In 2002, I was awarded a fellowship for travel and exhibition in Cuba. At that time, I could travel to Cuba legally, but I could not ship art into the country, an inflatable, I reasoned, could be transported inside my suitcase undetected. After much trial and error I determined that plastic bags were ideal for creating an inflatable, they are colorful, light weight, and plentiful. Once I had cut and flattened dozens of them, I began to notice a tone to the “chatter” printed on the bags, which ranged from amusing to disturbing. The bags seemed to tell the story of our times in visual sound-bites delivered by the logos an slogans. For ten years I have been making mandalas from plastic bags and have accumulated an extensive collection from all over the world. Each bag, whether from a poverty-stricken region or a thriving economy, reflects a purchase. Cutting and recombining these bags democratizes their disparate pedigrees, whether they originated in a boutique or a dollar store.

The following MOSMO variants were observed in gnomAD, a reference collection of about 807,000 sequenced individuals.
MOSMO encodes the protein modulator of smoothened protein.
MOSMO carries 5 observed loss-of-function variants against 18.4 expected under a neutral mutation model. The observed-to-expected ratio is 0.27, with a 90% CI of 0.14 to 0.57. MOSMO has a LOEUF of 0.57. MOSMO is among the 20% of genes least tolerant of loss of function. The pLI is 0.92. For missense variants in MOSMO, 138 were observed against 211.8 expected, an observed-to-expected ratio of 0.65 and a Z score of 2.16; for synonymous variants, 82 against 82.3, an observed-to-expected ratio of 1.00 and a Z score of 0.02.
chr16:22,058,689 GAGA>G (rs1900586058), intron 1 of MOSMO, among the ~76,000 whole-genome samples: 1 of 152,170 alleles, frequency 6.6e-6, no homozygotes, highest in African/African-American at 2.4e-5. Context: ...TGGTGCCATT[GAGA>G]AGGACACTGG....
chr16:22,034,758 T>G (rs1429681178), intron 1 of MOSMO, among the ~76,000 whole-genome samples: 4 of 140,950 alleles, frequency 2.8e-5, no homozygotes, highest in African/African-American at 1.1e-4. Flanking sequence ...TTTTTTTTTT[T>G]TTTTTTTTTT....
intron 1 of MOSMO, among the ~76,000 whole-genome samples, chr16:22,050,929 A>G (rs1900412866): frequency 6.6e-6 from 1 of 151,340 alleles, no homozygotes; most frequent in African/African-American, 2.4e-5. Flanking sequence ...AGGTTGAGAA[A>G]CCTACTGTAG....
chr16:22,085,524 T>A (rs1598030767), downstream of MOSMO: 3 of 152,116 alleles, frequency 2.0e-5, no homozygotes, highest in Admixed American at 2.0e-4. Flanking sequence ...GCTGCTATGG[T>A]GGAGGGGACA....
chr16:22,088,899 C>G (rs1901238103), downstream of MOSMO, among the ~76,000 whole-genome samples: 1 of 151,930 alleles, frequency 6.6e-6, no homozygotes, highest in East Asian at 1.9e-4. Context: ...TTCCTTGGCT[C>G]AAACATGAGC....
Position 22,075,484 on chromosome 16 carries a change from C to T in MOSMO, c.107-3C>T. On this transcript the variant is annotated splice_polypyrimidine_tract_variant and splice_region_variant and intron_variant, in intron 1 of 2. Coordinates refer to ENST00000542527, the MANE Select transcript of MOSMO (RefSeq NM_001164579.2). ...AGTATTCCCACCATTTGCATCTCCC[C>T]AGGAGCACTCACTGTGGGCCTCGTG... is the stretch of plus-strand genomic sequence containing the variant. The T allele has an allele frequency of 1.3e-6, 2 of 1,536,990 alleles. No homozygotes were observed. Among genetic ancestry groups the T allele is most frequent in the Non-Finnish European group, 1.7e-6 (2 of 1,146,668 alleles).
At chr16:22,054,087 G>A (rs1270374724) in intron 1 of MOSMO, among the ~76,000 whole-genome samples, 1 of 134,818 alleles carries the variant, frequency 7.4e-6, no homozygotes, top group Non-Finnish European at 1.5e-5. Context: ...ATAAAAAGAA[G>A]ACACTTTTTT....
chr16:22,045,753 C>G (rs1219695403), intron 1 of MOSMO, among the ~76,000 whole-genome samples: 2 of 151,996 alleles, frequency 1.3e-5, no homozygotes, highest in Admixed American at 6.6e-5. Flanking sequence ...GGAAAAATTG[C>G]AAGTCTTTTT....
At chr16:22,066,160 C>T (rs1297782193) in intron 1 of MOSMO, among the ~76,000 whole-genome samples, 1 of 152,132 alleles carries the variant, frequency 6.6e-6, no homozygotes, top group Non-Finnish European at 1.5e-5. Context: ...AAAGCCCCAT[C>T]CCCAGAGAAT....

The mandala is a universal, non-religious tool for meditation, typically composed of highly decorative, symmetrical patterns. The carefully chosen symbols and imagery of a traditional mandala imbue it with a meaningfulness that provides guidance on one’s path to enlightenment. Conversely, ad imagery on a plastic shopping bag is carefully chosen to cause an instant association with worldly acquisitions. My choice of medium, plastic shopping bags covered in familiar logos and slogans, imbues the mandalas with a contemporary narrative that allows me to analyze the activity of consumerism as a spiritual encounter.
The logos, slogans and promises printed on plastic shopping bags, are the result of exhaustive market research by advertisers. With an exacto knife I take aim at these graphics and through the slow deliberate action of cutting, I extract, alter and subvert those consumer messages. As a mandala takes shape I purposely employ the familiar tropes of graphic design so that the mandalas will have the eye-catching “bones” of a logo. Indulging my inherent playful nature, I take consumerism and wrestled it through the sieve of formal beauty. The resulting mandalas are intricately crafted works that reference painting, but are created by collaging pieces of detritus from a consumerist society in a way that reveals the beauty of disposable items that continually pass through our hands. These ebullient mandalas are pantone paragons of consumerist excess that contain and brand our passions while attesting to our belief in the American Dream.